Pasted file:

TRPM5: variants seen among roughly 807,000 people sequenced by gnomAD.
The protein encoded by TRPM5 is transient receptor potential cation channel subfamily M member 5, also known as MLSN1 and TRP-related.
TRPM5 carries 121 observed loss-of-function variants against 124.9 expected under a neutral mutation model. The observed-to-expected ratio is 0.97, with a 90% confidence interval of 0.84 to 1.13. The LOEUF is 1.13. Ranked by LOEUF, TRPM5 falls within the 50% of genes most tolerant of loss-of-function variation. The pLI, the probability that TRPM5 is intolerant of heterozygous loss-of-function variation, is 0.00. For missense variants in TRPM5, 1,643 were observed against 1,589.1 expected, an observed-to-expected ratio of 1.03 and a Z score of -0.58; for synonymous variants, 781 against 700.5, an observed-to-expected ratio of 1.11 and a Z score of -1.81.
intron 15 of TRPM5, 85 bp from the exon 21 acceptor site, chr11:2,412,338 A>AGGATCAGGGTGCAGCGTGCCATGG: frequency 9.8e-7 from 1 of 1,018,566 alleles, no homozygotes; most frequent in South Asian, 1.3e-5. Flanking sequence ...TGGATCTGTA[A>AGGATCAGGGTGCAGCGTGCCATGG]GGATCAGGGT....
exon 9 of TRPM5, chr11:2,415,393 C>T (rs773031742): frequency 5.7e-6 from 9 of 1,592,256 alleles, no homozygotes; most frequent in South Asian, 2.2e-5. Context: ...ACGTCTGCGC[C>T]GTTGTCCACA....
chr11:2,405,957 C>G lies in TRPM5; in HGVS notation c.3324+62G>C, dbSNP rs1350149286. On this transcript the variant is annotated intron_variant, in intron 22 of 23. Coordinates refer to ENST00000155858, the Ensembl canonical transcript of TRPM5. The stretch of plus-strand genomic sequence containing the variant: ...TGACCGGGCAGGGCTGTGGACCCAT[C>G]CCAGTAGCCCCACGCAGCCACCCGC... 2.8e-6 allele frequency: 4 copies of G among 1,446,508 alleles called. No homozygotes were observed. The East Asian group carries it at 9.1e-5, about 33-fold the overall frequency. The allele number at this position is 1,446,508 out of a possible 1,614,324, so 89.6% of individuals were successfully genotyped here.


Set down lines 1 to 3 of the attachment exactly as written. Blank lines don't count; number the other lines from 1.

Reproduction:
TRPM5: variants seen among roughly 807,000 people sequenced by gnomAD.
The protein encoded by TRPM5 is transient receptor potential cation channel subfamily M member 5, also known as MLSN1 and TRP-related.
TRPM5 carries 121 observed loss-of-function variants against 124.9 expected under a neutral mutation model. The observed-to-expected ratio is 0.97, with a 90% confidence interval of 0.84 to 1.13. The LOEUF is 1.13. Ranked by LOEUF, TRPM5 falls within the 50% of genes most tolerant of loss-of-function variation. The pLI, the probability that TRPM5 is intolerant of heterozygous loss-of-function variation, is 0.00. For missense variants in TRPM5, 1,643 were observed against 1,589.1 expected, an observed-to-expected ratio of 1.03 and a Z score of -0.58; for synonymous variants, 781 against 700.5, an observed-to-expected ratio of 1.11 and a Z score of -1.81.